- The cognitive approach: The theory that consumers act with a particular mental process in mind. This includes recognising they have a need, searching for information, evaluating their choices, making a purchase and then evaluating whether that purchase was a good one.
- The psychodynamic approach: Based largely on Sigmund Freud’s theories, this theory suggests that consumers are motivated to reduce conflict between what they want and what they should do. Consumers are believed to search for the maximum amount of gratification they can find while also doing what they “should” be doing according to society.
- The behaviourist approaches: This theory suggests that consumers’ behaviour is shaped by stimuli and past experience. Negative and positive experiences serve as lessons to either avoid or do the same action again.
- The humanistic approach: This theory posits that consumers are all individuals, with their own subjective reasons for taking action. They’re always self-interested and their purchases will demonstrate their individuality in some way.
Across your segments, what patterns can you see? For example, you might want to answer the following questions:
- How does a customer access your brand? Is it through online searches for products, social media posts, marketing emails?
- When are they most likely to purchase a product in terms of day, week, month, season?
- What stops them from completing a purchase? Is it a broken payment system or a price point?
- Alternatively, what drives usage? Is it ensuring payment details are added within the first hour of downloading a new taxi app?
- What functionality and design features of your website or purchase platform were a problem for your customers?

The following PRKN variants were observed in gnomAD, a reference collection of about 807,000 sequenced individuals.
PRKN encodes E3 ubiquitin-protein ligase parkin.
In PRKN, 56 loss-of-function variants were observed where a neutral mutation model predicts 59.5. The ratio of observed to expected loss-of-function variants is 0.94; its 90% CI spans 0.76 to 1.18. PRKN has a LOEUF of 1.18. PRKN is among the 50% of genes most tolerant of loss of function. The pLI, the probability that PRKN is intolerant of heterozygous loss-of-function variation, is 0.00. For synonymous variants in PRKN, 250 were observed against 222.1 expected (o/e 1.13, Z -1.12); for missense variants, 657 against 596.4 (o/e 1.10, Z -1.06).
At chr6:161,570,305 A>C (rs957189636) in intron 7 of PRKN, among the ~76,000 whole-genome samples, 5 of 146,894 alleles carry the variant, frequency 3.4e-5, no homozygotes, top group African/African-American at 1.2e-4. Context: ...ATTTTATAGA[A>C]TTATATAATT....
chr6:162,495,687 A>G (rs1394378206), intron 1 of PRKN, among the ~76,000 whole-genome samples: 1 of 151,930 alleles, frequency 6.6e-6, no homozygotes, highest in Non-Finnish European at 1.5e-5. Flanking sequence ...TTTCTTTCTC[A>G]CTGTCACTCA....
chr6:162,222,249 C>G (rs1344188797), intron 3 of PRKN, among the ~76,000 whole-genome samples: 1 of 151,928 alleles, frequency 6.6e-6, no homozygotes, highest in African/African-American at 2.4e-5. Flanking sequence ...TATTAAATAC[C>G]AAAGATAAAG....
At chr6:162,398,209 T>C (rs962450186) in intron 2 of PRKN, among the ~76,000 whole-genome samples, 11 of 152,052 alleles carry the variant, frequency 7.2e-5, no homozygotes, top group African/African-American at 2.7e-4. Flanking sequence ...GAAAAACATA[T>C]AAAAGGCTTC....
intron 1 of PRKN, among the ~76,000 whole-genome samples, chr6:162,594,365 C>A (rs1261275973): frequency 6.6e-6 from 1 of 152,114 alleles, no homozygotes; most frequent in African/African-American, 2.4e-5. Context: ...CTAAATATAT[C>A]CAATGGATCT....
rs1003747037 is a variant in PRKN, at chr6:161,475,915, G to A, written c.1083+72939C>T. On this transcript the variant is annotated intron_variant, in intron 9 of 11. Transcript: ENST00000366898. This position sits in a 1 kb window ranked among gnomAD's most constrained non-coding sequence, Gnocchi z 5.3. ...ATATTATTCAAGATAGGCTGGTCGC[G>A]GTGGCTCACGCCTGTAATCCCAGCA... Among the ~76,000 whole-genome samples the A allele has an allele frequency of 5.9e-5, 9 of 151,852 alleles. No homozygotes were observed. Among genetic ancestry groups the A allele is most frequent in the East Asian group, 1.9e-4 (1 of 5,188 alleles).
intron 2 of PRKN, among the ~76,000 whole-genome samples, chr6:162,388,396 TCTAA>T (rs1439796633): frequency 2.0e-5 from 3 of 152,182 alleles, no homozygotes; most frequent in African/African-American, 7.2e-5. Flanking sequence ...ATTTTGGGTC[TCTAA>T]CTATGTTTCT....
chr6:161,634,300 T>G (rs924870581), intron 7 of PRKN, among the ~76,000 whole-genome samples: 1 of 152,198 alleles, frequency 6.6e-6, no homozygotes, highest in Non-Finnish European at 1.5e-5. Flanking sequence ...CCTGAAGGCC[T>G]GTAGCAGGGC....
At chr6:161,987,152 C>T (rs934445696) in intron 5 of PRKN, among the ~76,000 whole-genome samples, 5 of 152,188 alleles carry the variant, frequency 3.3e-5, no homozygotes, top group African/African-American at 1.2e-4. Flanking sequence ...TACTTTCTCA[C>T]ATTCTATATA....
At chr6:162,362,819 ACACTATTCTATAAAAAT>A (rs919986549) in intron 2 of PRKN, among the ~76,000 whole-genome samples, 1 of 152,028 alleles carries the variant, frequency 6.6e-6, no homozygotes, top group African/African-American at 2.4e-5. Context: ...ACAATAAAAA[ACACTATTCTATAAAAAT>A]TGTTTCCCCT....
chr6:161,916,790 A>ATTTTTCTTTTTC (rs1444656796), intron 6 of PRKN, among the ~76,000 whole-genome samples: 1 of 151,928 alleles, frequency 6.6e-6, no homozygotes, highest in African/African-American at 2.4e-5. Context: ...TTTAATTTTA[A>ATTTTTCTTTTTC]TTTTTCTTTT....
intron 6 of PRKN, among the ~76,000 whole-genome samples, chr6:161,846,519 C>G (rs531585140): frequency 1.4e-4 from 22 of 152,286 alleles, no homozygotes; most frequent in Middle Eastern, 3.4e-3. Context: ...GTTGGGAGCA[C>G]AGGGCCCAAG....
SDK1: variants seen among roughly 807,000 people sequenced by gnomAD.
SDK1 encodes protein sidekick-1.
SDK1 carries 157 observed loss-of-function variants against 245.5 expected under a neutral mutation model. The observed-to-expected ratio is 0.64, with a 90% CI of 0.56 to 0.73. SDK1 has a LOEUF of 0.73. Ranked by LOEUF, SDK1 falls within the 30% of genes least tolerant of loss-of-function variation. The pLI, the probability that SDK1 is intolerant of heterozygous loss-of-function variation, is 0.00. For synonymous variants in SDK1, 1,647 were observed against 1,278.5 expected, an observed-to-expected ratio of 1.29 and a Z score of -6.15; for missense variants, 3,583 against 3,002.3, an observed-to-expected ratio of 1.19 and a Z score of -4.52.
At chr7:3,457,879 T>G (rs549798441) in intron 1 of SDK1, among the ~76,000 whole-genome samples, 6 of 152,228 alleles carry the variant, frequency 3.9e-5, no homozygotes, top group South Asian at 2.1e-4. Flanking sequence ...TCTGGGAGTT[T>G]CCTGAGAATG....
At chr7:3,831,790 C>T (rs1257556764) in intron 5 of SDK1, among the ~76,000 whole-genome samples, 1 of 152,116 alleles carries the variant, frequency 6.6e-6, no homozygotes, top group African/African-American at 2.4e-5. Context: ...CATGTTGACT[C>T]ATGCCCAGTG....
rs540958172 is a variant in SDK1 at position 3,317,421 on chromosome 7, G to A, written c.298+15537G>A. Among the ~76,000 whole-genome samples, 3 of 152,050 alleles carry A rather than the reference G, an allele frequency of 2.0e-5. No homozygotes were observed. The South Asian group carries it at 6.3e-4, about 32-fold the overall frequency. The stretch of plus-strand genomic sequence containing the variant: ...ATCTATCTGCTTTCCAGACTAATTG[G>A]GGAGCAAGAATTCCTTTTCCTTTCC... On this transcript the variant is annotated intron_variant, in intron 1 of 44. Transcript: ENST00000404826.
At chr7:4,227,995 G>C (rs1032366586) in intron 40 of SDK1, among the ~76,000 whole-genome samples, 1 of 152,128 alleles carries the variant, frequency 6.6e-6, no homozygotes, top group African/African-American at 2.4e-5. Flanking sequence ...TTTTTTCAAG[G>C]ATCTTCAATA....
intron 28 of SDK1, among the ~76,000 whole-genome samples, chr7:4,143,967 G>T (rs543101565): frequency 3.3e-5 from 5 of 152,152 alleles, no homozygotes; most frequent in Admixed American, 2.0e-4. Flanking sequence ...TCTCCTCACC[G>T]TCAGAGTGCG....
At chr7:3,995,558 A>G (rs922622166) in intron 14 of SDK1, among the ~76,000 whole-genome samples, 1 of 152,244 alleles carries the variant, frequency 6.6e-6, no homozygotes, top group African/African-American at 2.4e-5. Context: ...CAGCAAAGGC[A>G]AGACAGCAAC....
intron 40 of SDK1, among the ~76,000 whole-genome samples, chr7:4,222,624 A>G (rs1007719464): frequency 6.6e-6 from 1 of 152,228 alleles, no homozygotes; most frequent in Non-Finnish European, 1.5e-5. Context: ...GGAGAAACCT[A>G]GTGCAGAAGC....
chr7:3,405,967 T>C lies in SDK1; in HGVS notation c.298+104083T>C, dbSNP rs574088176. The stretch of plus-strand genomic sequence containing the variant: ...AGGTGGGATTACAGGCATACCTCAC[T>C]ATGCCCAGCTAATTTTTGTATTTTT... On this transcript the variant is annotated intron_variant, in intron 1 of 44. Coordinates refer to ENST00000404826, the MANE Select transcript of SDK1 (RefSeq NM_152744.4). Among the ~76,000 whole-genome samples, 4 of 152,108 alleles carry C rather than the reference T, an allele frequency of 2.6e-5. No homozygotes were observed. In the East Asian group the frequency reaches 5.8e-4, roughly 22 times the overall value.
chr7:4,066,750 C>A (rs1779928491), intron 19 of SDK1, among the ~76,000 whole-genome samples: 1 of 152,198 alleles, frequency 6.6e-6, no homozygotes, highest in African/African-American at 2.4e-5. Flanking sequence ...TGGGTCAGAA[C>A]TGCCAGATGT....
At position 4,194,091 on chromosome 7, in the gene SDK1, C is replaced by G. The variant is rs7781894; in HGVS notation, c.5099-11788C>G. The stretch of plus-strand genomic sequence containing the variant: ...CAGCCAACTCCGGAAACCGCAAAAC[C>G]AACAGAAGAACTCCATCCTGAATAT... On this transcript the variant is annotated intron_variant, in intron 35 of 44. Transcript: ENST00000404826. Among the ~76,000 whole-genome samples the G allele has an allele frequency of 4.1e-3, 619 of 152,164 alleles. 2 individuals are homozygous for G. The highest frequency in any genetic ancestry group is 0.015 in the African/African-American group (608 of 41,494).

- What marketing or sales campaigns worked on them?
- What encouraged them to make multiple purchases?
- What did customers feel that made them make a purchase?
- Why were customers driven to make a purchase in the first place?
- How hard was it to make a purchase for these customers?
Again, using a customer behaviour analytics tool will help you to identify patterns, as it can automatically surface trends and predict future behaviour. Then, you have the tools to go and act on that insight.
Discover the truth of customer experience
What customers tell you and what you actually see happening can often differ. For example, your ideal customer might tell you in a feedback survey that they prefer to use Twitter to engage with your brand – but you might see that actually, your regular update email sent by your marketing team encourages more of them to buy your products.
When identifying patterns with customer behaviour analytics, discover the truth that lies between what customers say is happening and what is actually occurring. This information is the most useful for creating an optimum journey.
4. Adjust your customer journey and experience for better customer lifetime value
Once you’ve analysed your data for customer behaviour analysis insights, you can more accurately see what the optimised experience is for your customers and how to deliver on it. You can start to take steps to minimise behaviour that you don’t want to see – cart abandonment, high bounce rates, failure to add payment details – and maximise the behaviour you do want to see.
However, this might mean tweaking your customer experience and buyer journey to better encourage this behaviour. For example, if customers often buy two products together, bundling them together and advertising this new bundle might sell more because you anticipate customers’ needs and reduce the effort of having to search for both products. Or perhaps sending a reminder email to ensure your new customer who has just downloaded your taxi app adds their card details so they can start using the app.
Optimising your customer experience to better reflect customer behaviour
Customer behaviour analysis can help you to improve the entire customer journey, from initial research on a product and first interactions to the post-purchase sharing of feedback. Understanding behaviour and implementing appropriate changes helps you to deliver an improved experience, with the end goal being increased customer satisfaction and loyalty.
Qualtrics CustomerXM can help you to not only complete customer behaviour analysis, but to shape customers’ actions in future. Give customers the journey that exceeds their expectations and meets every need, based on the customer behaviour analysis insights you generate.
Shape your customer behaviour and drive your ROI.